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DEC
31

New

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If you must know, this wasn't actually taken at midnight. I cheated. I was there though, and I have some surpsingly close pictures of Ryan Seacrest to prove it. For the record, I am thoroughly embarrassed to have taken any pictures of him at all. Honestly, how does a person get such billing power with so little to show for it in the way of talent? Not that I'm saying that Ryan Seacrest has no talent, but what has he ever really done to show us otherwise? He can speak, he can speak into a microphone, he can speak into a microphone while keeping a show moving along at the proper pace, he can speak into a microphone while keeping a show moving along at the proper pace and simultaneously making all the girls he interviews look taller than they really are. Anyway, how did we get here? Almost a full paragraph on Ryan Seacrest?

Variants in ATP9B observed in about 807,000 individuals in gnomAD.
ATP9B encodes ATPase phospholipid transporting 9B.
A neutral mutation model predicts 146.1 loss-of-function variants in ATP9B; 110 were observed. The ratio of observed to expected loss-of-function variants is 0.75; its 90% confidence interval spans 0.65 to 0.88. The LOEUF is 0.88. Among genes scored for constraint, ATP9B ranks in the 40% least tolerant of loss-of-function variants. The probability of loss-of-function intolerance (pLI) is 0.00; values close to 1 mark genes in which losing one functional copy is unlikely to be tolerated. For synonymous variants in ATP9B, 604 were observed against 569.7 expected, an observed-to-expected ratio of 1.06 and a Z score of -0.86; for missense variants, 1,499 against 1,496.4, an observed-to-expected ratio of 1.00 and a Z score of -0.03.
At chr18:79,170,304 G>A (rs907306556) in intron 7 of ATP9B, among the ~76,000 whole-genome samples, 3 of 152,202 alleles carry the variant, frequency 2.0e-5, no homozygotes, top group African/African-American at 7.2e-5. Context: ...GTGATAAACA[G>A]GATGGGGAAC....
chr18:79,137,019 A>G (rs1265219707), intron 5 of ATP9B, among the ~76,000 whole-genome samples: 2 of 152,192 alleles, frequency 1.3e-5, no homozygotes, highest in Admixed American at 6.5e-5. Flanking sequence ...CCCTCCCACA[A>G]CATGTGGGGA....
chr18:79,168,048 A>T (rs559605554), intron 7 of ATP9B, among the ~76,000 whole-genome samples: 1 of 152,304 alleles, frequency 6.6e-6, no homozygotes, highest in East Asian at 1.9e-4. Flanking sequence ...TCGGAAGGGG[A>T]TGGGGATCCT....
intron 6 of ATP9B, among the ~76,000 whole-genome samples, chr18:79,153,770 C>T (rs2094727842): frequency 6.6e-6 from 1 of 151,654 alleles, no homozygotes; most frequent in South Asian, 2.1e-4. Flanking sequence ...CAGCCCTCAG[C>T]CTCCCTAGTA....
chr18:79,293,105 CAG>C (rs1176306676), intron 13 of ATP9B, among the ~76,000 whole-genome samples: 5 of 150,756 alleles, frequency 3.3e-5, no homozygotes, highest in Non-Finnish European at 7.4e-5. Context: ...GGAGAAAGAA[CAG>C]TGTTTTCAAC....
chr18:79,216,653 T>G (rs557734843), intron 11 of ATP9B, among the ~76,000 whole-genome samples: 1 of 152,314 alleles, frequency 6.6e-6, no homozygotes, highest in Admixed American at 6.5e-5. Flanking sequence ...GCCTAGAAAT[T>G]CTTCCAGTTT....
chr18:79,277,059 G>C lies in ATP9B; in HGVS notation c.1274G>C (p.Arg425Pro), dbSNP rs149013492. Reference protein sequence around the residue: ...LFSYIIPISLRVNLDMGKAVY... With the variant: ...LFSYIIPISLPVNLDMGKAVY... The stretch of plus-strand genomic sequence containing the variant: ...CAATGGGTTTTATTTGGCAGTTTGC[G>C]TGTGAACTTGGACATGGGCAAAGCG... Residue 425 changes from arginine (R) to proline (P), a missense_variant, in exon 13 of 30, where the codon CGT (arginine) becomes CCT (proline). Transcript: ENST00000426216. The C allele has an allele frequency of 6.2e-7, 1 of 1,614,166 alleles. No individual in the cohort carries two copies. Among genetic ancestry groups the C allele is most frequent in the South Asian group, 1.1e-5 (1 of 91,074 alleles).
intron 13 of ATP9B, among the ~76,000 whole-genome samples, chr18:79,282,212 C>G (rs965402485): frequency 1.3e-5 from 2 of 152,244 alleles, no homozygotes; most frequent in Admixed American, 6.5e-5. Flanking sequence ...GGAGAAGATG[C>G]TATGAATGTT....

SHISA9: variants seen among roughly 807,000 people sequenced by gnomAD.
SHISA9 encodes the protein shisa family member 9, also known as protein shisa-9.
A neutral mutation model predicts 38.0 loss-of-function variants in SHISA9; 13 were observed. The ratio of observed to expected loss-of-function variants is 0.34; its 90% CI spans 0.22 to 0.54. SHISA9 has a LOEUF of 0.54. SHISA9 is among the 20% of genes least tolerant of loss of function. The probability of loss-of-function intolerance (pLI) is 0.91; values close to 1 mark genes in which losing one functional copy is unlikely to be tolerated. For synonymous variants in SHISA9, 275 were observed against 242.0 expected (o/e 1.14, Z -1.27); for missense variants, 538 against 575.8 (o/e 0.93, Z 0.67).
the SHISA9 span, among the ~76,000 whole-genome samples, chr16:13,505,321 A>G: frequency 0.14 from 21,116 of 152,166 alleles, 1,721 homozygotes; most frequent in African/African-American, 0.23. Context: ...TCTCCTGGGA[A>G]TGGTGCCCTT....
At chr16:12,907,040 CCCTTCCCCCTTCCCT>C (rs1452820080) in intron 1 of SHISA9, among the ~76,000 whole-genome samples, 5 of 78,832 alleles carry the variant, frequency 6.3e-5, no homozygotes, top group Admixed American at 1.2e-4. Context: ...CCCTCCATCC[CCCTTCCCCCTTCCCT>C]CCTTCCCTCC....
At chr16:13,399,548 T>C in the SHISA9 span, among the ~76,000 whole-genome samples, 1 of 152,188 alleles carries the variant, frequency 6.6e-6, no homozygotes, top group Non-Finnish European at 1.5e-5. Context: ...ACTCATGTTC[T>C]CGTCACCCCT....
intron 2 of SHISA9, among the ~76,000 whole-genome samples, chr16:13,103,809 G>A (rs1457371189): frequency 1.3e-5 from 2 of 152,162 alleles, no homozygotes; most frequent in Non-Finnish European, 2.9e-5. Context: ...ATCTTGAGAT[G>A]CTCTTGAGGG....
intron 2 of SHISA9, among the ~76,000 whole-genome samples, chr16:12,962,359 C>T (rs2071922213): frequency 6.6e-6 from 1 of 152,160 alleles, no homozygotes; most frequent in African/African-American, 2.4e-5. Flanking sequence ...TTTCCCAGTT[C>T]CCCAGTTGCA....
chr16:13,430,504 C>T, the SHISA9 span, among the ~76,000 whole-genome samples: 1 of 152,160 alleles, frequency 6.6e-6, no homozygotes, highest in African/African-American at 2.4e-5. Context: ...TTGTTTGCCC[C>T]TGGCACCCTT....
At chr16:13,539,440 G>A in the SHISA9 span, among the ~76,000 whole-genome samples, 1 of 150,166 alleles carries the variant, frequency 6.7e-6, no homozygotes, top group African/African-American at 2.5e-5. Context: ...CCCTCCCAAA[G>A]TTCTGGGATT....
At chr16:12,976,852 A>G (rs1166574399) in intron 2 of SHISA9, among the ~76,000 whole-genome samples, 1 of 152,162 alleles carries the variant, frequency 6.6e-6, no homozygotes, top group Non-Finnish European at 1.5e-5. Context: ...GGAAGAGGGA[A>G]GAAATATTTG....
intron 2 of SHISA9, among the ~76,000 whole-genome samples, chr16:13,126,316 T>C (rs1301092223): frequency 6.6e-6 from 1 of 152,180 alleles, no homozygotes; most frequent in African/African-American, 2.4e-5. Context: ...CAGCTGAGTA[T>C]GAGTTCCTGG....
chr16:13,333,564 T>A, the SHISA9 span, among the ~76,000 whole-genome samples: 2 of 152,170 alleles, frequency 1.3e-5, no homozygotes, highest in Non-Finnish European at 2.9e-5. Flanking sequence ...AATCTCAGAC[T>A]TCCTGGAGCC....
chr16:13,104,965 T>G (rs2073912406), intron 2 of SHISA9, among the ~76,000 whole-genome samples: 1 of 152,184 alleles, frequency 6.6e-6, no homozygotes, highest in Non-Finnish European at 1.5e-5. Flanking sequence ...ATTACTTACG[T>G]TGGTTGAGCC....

You'll recall that I love NYE. I love Times Square. And I love that the confetti released at midnight is made up of wishes that the general public has hand-written on each little square. (See Hopes and Dreams. Or Wishing. Or even NYE Reboot.) The wish I made in 2013 that was shot into the sky a year ago didn't come true, and that's OK. It was sappy and stupid and something I knew I wouldn't get anyway, I just felt at the moment when I scrawled it on a tiny blue confetti square that it was still important for the universe to know it's what I would have wanted. This year's wish, the one released tonight, is another gamble, but it's a go big or go home kind of night.